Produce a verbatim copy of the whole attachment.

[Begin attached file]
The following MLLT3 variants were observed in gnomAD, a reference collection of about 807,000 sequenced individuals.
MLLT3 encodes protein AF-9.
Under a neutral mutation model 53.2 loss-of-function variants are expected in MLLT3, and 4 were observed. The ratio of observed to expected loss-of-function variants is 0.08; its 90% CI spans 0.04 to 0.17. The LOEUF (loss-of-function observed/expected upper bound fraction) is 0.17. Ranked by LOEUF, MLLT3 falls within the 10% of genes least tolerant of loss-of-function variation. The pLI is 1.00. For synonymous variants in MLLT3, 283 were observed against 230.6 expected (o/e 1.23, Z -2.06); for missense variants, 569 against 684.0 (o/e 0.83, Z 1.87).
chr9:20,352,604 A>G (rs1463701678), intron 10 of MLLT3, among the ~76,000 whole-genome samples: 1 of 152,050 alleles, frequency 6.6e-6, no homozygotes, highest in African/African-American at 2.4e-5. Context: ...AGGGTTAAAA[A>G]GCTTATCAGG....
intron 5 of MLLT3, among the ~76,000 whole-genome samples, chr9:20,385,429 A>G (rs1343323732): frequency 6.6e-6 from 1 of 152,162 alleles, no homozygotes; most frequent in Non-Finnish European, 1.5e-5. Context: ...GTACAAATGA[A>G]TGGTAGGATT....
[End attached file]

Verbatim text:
The following MLLT3 variants were observed in gnomAD, a reference collection of about 807,000 sequenced individuals.
MLLT3 encodes protein AF-9.
Under a neutral mutation model 53.2 loss-of-function variants are expected in MLLT3, and 4 were observed. The ratio of observed to expected loss-of-function variants is 0.08; its 90% CI spans 0.04 to 0.17. The LOEUF (loss-of-function observed/expected upper bound fraction) is 0.17. Ranked by LOEUF, MLLT3 falls within the 10% of genes least tolerant of loss-of-function variation. The pLI is 1.00. For synonymous variants in MLLT3, 283 were observed against 230.6 expected (o/e 1.23, Z -2.06); for missense variants, 569 against 684.0 (o/e 0.83, Z 1.87).
chr9:20,352,604 A>G (rs1463701678), intron 10 of MLLT3, among the ~76,000 whole-genome samples: 1 of 152,050 alleles, frequency 6.6e-6, no homozygotes, highest in African/African-American at 2.4e-5. Context: ...AGGGTTAAAA[A>G]GCTTATCAGG....
intron 5 of MLLT3, among the ~76,000 whole-genome samples, chr9:20,385,429 A>G (rs1343323732): frequency 6.6e-6 from 1 of 152,162 alleles, no homozygotes; most frequent in Non-Finnish European, 1.5e-5. Context: ...GTACAAATGA[A>G]TGGTAGGATT....